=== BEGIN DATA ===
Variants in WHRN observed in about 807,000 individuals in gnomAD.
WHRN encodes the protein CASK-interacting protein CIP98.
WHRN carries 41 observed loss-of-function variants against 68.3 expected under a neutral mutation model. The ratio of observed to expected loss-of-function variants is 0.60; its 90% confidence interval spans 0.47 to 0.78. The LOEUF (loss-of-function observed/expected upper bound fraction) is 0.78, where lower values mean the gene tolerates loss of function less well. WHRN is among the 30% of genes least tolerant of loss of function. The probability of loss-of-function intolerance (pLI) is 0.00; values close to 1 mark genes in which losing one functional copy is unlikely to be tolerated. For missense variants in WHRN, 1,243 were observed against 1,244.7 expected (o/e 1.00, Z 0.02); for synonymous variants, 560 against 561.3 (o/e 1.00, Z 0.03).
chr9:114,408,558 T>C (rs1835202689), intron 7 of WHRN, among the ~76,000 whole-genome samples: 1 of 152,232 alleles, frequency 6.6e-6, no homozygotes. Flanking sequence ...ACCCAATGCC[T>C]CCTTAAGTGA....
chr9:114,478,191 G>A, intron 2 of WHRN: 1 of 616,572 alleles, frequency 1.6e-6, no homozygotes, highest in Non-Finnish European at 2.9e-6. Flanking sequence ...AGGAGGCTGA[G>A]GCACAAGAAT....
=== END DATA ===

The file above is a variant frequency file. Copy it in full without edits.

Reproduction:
Variants in WHRN observed in about 807,000 individuals in gnomAD.
WHRN encodes the protein CASK-interacting protein CIP98.
WHRN carries 41 observed loss-of-function variants against 68.3 expected under a neutral mutation model. The ratio of observed to expected loss-of-function variants is 0.60; its 90% confidence interval spans 0.47 to 0.78. The LOEUF (loss-of-function observed/expected upper bound fraction) is 0.78, where lower values mean the gene tolerates loss of function less well. WHRN is among the 30% of genes least tolerant of loss of function. The probability of loss-of-function intolerance (pLI) is 0.00; values close to 1 mark genes in which losing one functional copy is unlikely to be tolerated. For missense variants in WHRN, 1,243 were observed against 1,244.7 expected (o/e 1.00, Z 0.02); for synonymous variants, 560 against 561.3 (o/e 1.00, Z 0.03).
chr9:114,408,558 T>C (rs1835202689), intron 7 of WHRN, among the ~76,000 whole-genome samples: 1 of 152,232 alleles, frequency 6.6e-6, no homozygotes. Flanking sequence ...ACCCAATGCC[T>C]CCTTAAGTGA....
chr9:114,478,191 G>A, intron 2 of WHRN: 1 of 616,572 alleles, frequency 1.6e-6, no homozygotes, highest in Non-Finnish European at 2.9e-6. Flanking sequence ...AGGAGGCTGA[G>A]GCACAAGAAT....